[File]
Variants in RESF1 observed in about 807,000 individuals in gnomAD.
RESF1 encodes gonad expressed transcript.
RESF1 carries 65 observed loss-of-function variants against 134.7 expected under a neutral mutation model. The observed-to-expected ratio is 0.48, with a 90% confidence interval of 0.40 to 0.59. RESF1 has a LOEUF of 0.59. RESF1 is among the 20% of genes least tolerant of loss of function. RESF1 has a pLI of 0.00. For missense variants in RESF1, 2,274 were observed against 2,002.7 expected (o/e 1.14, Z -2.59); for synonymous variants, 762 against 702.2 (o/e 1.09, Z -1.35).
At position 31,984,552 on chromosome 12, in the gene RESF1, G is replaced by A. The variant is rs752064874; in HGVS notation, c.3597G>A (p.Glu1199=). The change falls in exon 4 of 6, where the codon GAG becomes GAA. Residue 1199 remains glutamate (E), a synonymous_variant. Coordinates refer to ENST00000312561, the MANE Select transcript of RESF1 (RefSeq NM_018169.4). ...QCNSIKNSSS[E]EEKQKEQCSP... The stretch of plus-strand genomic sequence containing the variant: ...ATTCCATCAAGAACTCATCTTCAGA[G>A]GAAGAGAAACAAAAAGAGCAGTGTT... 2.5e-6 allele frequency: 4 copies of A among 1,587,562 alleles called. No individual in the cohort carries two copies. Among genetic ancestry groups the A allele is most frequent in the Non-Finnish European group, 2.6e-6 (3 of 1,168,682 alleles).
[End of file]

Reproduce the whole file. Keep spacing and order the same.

Variants in RESF1 observed in about 807,000 individuals in gnomAD.
RESF1 encodes gonad expressed transcript.
RESF1 carries 65 observed loss-of-function variants against 134.7 expected under a neutral mutation model. The observed-to-expected ratio is 0.48, with a 90% confidence interval of 0.40 to 0.59. RESF1 has a LOEUF of 0.59. RESF1 is among the 20% of genes least tolerant of loss of function. RESF1 has a pLI of 0.00. For missense variants in RESF1, 2,274 were observed against 2,002.7 expected (o/e 1.14, Z -2.59); for synonymous variants, 762 against 702.2 (o/e 1.09, Z -1.35).
At position 31,984,552 on chromosome 12, in the gene RESF1, G is replaced by A. The variant is rs752064874; in HGVS notation, c.3597G>A (p.Glu1199=). The change falls in exon 4 of 6, where the codon GAG becomes GAA. Residue 1199 remains glutamate (E), a synonymous_variant. Coordinates refer to ENST00000312561, the MANE Select transcript of RESF1 (RefSeq NM_018169.4). ...QCNSIKNSSS[E]EEKQKEQCSP... The stretch of plus-strand genomic sequence containing the variant: ...ATTCCATCAAGAACTCATCTTCAGA[G>A]GAAGAGAAACAAAAAGAGCAGTGTT... 2.5e-6 allele frequency: 4 copies of A among 1,587,562 alleles called. No individual in the cohort carries two copies. Among genetic ancestry groups the A allele is most frequent in the Non-Finnish European group, 2.6e-6 (3 of 1,168,682 alleles).